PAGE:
Burden’s bone-crunching industry led to an earlier than expected departure through an apparent injury but Toulon were not short of warriors. Juan Smith, whose career was supposedly done and dusted not too long ago, rolled back the years with an heroic effort but he was pipped to the Man of the Match honour by flanker Steffon Armitage.

It remains a mystery as to how England can continue to ignore a player of Armitage’s talents even if they have relative strength in their back-row. We are told only ‘exceptional circumstances’ will prompt the selection of player plying his trade overseas but you can’t help but think England would be a better side with him in their ranks.

Centre Matt Giteau must have given Armitage a run for his money. In a game bereft of crowd-pleasing skill, the former Australia international helped conjure the opening try of the game with what looked like a sublime set move with Wilkinson and winger Drew Mitchell taking supporting roles.

Like Wilkinson and Smith, Giteau is another to have found a new lease of life in Toulon and according to his No.10 he is ‘a damn good player’ and ‘the ultimate professional’. This game-changing contribution was no one-off and in the form of his life and still just 31-years-old, you must also wonder whether the Wallabies were a little premature in drawing a line under his international career.

A well-worn cheque book has not only bought Toulon big names but also invaluable experience. The game was slipping away from Saracens in the second half but they still had 20 minutes left to perhaps conjure the two tries they required to turn the game on its head.

But a wayward arm from fly-half Owen Farrell brushed Toulon’s Bryan Habana as he chased a kick ahead and the Springbok winger fell to the ground. It was clear Habana could have stayed on his feet but aware of the state of the game and field position he played his desperate rival and the result was a final three points for Wilkinson and the final nail in Saracens’ euro hopes.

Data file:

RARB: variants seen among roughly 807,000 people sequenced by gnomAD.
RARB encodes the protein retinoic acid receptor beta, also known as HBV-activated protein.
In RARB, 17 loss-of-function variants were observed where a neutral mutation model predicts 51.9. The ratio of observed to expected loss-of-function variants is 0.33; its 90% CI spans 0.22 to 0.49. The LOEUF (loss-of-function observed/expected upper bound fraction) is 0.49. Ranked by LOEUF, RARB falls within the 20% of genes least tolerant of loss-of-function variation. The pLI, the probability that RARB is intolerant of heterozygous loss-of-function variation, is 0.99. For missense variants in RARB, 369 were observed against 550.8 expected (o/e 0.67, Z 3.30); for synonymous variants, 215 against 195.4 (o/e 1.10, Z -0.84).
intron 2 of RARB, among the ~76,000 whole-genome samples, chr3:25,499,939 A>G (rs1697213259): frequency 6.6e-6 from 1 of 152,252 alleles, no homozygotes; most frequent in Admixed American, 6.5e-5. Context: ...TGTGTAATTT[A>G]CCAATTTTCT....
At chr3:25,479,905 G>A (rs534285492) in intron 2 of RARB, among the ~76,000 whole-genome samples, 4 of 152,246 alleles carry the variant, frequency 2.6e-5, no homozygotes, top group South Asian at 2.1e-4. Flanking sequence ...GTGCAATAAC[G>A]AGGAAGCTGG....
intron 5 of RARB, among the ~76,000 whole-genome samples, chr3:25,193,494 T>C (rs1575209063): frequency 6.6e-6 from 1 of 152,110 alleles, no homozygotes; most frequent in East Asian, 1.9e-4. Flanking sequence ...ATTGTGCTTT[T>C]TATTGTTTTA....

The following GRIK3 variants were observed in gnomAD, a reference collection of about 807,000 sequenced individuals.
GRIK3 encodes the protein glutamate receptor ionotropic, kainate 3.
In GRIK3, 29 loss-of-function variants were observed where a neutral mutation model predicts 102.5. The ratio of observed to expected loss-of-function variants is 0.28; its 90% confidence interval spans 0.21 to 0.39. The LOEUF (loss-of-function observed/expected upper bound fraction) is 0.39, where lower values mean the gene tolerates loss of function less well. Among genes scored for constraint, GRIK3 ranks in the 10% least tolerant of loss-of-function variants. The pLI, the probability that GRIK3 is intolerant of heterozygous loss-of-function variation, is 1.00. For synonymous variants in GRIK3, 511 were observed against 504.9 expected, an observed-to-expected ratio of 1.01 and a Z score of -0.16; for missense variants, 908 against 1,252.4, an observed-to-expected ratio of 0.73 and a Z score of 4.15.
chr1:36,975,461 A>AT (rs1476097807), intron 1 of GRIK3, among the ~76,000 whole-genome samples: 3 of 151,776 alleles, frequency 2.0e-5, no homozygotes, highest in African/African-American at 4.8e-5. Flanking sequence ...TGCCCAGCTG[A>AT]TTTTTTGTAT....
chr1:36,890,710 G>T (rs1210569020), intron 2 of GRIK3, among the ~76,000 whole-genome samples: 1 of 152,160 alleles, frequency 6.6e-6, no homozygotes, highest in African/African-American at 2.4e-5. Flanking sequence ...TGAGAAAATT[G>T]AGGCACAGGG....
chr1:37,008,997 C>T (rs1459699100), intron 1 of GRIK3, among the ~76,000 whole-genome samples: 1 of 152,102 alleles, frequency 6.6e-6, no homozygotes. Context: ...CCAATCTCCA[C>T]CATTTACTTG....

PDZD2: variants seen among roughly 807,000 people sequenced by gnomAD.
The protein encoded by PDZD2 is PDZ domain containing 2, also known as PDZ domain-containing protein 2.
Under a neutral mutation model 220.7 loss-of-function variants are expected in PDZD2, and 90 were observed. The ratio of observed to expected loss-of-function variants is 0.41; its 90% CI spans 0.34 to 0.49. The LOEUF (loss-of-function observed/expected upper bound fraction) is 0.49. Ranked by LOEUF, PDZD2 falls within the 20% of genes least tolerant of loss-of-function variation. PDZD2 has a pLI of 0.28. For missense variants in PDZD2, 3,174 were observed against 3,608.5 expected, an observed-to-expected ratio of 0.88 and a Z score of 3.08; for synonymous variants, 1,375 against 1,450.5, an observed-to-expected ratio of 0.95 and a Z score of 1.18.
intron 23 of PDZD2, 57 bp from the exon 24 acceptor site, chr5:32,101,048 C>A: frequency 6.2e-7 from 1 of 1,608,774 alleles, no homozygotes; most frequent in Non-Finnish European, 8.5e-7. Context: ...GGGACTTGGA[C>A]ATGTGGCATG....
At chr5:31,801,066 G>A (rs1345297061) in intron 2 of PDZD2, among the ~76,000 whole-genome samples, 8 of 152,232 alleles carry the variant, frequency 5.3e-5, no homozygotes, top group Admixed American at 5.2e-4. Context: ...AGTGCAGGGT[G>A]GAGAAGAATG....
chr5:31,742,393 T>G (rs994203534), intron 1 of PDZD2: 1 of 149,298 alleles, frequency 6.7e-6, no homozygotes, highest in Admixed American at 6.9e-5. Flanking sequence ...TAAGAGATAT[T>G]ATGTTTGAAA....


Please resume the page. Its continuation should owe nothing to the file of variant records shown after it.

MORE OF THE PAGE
It was a painful reminder that while Farrell is an accomplished fly-half with a formidable skillset, he remains a work in progress. The semi-final defeat to a Wilkinson-inspired Toulon last season was supposed to have been a turning point but 12 months on he remains in his rival’s shadow. But the England No.10 can continue to learn from Wilkinson if, as hinted by England boss Stuart Lancaster, his input is invited ahead of the 2015 Rugby World Cup.

As captain Wilkinson lifted the trophy before he too was also hoisted aloft by his team-mates who you sense would have happily carried him all the way home to the south of France, such is their respect for him.There was a rare flicker of emotion from the ice-cool fly-half and a broad smile filled his face. For a moment, there ‘really was no next week’ as the intensely focused Wilkinson had insisted in the build-up to the Cardiff finale.

But within minutes it was business as normal. Asked about his latest achievement in front of the TV cameras, his competitive spirit betrayed him and he admitted his mind was already contemplating the Top 14 showdown with Castres in Paris next weekend.

That is why he is Jonny Wilkinson

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Graham Jenkins is a freelance sports journalist who has been reporting around the rugby globe for over 20 years. A former editor of the leading rugby union website, he is a veteran of five World Cups and cites England’s 2003 triumph as the most memorable moment of his professional career - closely followed by a night out with Toulon owner Mourad Boudjellal.